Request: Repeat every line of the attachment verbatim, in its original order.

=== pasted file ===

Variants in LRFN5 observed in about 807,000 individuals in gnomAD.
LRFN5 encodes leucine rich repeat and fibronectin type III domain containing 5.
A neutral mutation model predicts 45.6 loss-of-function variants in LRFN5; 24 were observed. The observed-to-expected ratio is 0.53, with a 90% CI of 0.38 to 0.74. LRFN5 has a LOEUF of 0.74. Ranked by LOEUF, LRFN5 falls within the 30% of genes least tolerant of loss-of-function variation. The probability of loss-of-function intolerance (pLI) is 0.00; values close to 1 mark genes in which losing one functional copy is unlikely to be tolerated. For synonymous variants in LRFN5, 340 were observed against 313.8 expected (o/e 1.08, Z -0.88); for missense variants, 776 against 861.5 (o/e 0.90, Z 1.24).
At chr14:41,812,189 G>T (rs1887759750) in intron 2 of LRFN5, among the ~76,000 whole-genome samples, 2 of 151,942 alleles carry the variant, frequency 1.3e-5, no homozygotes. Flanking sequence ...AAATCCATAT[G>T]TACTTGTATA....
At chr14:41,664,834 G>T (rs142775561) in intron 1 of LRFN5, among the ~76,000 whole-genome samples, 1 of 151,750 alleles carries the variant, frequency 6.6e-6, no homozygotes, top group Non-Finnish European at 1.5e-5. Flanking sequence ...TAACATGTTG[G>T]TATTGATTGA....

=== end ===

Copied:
Variants in LRFN5 observed in about 807,000 individuals in gnomAD.
LRFN5 encodes leucine rich repeat and fibronectin type III domain containing 5.
A neutral mutation model predicts 45.6 loss-of-function variants in LRFN5; 24 were observed. The observed-to-expected ratio is 0.53, with a 90% CI of 0.38 to 0.74. LRFN5 has a LOEUF of 0.74. Ranked by LOEUF, LRFN5 falls within the 30% of genes least tolerant of loss-of-function variation. The probability of loss-of-function intolerance (pLI) is 0.00; values close to 1 mark genes in which losing one functional copy is unlikely to be tolerated. For synonymous variants in LRFN5, 340 were observed against 313.8 expected (o/e 1.08, Z -0.88); for missense variants, 776 against 861.5 (o/e 0.90, Z 1.24).
At chr14:41,812,189 G>T (rs1887759750) in intron 2 of LRFN5, among the ~76,000 whole-genome samples, 2 of 151,942 alleles carry the variant, frequency 1.3e-5, no homozygotes. Flanking sequence ...AAATCCATAT[G>T]TACTTGTATA....
At chr14:41,664,834 G>T (rs142775561) in intron 1 of LRFN5, among the ~76,000 whole-genome samples, 1 of 151,750 alleles carries the variant, frequency 6.6e-6, no homozygotes, top group Non-Finnish European at 1.5e-5. Flanking sequence ...TAACATGTTG[G>T]TATTGATTGA....